Whether vintage or modern – evoking an era or an archetypal fabric – the fingers of fashion are still firmly within those fragrant gloves, and together they work their alchemical magic to embolden us: seducing several senses while enhancing our own sense of who we are – or whomever we want to be that day…

By Suzy Nightingale

Softly (scented) does it: Bamford's Knitwear Wash is cashmere, bottled…

Fashion and fragrance go hand in [scented] glove, and with super models strutting their stuff on the catwalks of London Fashion Week, our thoughts turn the array of beautiful fabrics on display. Us being us, of course we want everything to smell fabulous – and our just-published Fashion & Fragrance edition of The Scented Letter magazine features an in-depth sniff into the secretive world of fabric conditoners and the perfumers who work on them.
But we didn’t want to stop there. Not everyone likes washing in a machine – particularly those luxuriously delicate hand-wash only fabrics that require a bit of tender loving care, and the sensorial delight of slipping them on is further heightened by the scent of the washing liquid ‘matching’ our perception of what the particular fabric should smell of. So what does wool smell like to you…?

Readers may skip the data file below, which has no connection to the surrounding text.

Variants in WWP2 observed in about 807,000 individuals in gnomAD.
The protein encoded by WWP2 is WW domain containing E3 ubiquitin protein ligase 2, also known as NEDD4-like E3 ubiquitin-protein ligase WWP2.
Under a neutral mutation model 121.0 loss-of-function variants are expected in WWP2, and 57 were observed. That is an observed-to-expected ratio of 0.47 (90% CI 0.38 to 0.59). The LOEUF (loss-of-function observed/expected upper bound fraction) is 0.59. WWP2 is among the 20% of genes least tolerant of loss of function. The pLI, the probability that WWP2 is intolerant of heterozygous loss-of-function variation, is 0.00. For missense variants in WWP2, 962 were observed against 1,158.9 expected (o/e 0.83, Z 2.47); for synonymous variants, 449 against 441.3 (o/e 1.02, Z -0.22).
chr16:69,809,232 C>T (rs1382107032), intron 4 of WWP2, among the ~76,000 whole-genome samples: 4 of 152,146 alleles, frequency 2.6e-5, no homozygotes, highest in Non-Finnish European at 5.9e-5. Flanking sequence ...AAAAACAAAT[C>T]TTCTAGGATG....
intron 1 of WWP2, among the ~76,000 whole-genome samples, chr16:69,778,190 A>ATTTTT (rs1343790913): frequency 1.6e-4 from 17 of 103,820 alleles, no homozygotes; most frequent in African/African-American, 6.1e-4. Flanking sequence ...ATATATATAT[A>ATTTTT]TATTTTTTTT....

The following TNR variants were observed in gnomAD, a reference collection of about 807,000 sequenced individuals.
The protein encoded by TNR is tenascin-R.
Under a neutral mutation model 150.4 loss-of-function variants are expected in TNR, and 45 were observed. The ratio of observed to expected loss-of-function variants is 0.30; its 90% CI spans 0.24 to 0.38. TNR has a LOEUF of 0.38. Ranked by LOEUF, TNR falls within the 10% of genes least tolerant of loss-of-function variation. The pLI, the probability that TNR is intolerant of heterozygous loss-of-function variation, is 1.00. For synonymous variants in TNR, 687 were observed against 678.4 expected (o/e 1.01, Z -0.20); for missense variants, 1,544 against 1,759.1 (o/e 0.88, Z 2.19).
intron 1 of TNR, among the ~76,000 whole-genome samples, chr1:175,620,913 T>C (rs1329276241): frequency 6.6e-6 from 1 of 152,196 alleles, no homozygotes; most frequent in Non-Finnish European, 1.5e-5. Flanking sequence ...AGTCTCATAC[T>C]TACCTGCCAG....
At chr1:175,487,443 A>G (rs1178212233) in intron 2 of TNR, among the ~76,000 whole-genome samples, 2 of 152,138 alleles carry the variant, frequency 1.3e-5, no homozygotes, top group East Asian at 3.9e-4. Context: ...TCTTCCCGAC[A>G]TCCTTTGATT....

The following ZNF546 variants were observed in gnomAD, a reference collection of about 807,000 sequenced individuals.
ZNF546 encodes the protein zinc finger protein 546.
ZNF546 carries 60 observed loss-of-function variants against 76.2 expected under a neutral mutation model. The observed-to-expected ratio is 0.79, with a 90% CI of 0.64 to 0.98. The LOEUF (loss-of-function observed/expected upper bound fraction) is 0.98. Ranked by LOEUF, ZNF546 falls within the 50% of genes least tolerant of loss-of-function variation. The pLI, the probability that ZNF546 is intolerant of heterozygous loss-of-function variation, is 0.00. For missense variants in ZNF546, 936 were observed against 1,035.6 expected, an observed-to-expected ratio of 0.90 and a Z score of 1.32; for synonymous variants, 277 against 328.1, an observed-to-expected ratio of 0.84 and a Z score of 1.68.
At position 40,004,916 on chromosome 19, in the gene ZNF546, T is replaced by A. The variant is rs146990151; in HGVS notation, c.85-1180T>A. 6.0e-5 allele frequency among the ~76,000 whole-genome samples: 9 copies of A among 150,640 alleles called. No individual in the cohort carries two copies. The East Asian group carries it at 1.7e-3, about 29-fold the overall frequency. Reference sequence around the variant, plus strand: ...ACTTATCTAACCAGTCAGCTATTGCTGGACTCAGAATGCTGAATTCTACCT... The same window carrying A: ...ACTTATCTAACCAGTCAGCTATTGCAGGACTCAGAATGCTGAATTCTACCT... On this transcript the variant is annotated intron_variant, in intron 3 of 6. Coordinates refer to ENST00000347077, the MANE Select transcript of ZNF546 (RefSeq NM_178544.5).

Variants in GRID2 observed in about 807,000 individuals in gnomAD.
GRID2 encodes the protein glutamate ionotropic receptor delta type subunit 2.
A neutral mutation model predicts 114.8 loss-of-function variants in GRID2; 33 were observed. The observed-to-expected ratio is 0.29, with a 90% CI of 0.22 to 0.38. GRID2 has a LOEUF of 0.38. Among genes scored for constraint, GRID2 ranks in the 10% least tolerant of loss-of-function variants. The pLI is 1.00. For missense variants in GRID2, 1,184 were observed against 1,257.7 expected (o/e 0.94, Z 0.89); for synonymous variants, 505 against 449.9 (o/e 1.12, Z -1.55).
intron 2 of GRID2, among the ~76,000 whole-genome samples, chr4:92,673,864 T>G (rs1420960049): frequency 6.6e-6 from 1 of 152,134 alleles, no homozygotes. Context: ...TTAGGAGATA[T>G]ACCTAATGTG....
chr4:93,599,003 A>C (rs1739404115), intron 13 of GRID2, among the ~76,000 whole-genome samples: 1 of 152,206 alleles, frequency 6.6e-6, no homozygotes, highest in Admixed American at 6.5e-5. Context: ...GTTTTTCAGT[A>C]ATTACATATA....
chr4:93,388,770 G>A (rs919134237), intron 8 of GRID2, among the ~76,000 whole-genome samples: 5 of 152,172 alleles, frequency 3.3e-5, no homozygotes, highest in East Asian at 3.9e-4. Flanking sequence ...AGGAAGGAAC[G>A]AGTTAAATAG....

caring-for-cashmere-00-780x780
Fabric care products for hand washing clothes – particularly those aimed at the cashmere and silk market – tend on the whole to be far more delicately fragranced. Indeed, you may have seen ‘cashmere’ listed as a note in many perfumes. But what does it smell of? The untreated wool alone is certainly not what we may dream of when imagining burying our faces in kitten-soft materials, and in fine perfumery each perfumer may compose their own interpretation within an accord to create the smell of fluffy luxury.
Within this market, organic and natural brands thrive, with many highlighting the purity of their products and selling them alongside their body and skincare lines. The organic brand Bamford sell beauty products along with knitwear and cotton clothing, and we asked why they decided to develop their own knitwear wash, soothingly fragranced with cedar extract (which really does smell as you imagine cashmere should!)
10693409_1495759233997068_2122202211_n
As Merchandise Director Karen Leck explained: ‘It encourages you to wash knitwear by hand, which is the very best way to care for it. We chose not to use a strongly scented wash as they can be too overpowering and fragrance is very personal. Knitwear is an emotional purchase, it’s our best-selling category – most of us have a favourite sweater – they’re comforting as well as comfortable and the scent adds to the whole sensual experience of natural fibres against the skin. I also use a Bamford Pebble Soap in my knitwear drawers, as it gives just enough natural fragrance to personalise my sweaters.’
Bamford Knitwear Wash £15 for 350ml
See bamford.co.uk for stockists
Written by Suzy Nightingale